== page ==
The acoustic model learning module 130 performs the method for learning the acoustic model 110 according to the first embodiment of the present invention. The acoustic model learning module 130 performs a novel training method on the DNN to initialize parameters of the DNN using prepared training speech data 120. The acoustic model learning module 130 performs further a tuning process to the DNN based on the initialized parameters using the prepared training speech data 120 with transcription so as to predict a target label.

In a particular embodiment, each unit described in FIG. 2 may be implemented on a computer device, where program codes according to the embodiment of the present principles are loaded on a memory and executed by a processer.

FIG. 3 is a flowchart depicting the method for learning the acoustic model 110 in the speech recognition model 112 according to the first embodiment of the present principles. As shown in FIG. 3, the method begins at step S100. Note that the method shown in FIG. 3 is performed by the acoustic model learning module 130 depicted in FIG. 2 for the given training speech data 120.

At step S101, the acoustic model learning module 130 prepares a plurality of training examples, each of which includes n-frame features, n+m-frame features including the n-frame features and additional m-frame features adjacent to the n-frame features, and an aligned label, based on the training speech data 120 that includes a huge amount of utterances and corresponding transcriptions.

FIG. 4 shows the schematic flow of learning the acoustic model 110 in the speech recognition model 112 according to the first embodiment of the present principles. The input n-frame acoustic features and the additional m-frame acoustic features are extracted from the original utterance data in the training speech data 120 by the acoustic feature extractor 102. As shown in FIG. 4, a pair of the n-frame features and the n+m-frame features is available for each frame in the given utterance data. The n+m-frame features include the n-frame features and the additional m-frame features proceeding and/or succeeding the n-frame features, and share a central frame with the n-frame features. In a particular embodiment, the additional m-frame features include a predetermined number of preceding frame features and a predetermined number of succeeding frame features. Appropriate silence frames may be appended at the beginning and the end of the utterance so as to fill up the m-frame features. Note that not all the examples in the single utterance data is being used for learning; a certain amount of the examples are randomly picked up from whole available examples for following pre-training and fine-tuning processes.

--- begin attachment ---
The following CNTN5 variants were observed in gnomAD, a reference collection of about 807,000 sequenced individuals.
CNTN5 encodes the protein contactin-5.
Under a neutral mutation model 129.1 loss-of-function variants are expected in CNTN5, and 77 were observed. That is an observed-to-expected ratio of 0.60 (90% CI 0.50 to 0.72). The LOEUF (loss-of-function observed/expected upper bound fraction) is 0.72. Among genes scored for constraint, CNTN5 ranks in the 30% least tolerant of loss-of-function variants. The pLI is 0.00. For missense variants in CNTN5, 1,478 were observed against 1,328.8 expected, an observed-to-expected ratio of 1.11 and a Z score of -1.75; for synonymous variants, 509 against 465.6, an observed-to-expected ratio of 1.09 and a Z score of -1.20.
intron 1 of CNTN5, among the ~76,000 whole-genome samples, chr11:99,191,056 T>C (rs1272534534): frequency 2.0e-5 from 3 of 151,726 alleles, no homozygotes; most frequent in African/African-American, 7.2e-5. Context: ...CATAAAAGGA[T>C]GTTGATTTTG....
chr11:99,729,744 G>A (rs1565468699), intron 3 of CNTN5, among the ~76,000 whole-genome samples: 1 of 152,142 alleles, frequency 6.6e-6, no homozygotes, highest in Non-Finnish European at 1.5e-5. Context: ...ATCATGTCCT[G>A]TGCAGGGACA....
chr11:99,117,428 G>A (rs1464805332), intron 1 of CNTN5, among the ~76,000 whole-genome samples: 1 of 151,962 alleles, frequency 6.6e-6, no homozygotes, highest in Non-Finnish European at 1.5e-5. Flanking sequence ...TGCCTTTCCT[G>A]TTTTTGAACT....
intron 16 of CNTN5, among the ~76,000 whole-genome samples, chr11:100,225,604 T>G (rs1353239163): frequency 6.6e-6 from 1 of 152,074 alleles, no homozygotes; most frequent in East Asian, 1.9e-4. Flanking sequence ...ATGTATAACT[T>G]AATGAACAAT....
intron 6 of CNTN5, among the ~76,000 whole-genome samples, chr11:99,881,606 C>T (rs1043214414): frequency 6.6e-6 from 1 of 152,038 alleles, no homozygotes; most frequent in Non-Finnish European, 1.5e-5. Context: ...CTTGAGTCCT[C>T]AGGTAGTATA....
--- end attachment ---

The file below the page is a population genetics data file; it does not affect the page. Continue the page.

A label is aligned to each frame by forced alignment technique based on standard GMM/HHM system using the corresponding transcription. The aligned label may be a phoneme or a phoneme state.

Referring back to FIG. 3, during steps from S102 to S107 in FIG. 3, a two-step learning process that includes an unsupervised generative pre-training process and a supervised fine-tuning process is conducted. The pre-training process finds representation that well captures characteristics of the input features and stacks layers with initializing parameters of the layers. Activation in the hidden layer can be seen as a better representation that expresses input. The fine-tuning process discriminatively updates the parameters of the DNN based on the representations estimated by the pre-training process. The pre-training process and the fine-tuning process may be performed by a mini-batch algorithm where a certain amount of training examples are randomly picked up from whole examples for each iteration until a certain criterion is satisfied.

During steps from S102 to S104, the acoustic model learning module 130 performs the unsupervised generative pre-training process on the DNN. At step S102, the acoustic model learning module 130 randomly selects a certain amount of training examples from available training examples to form a subset for a current iteration. At step S103, the acoustic model learning module 130 performs unsupervised pre-training in which the DNN-based classification model is trained using pairs of the input n-frame features and the n+m-frame features in the randomly selected subset, to initialize parameters of the DNN so that the n+m-frame features are reconstructed from the input n-frame features.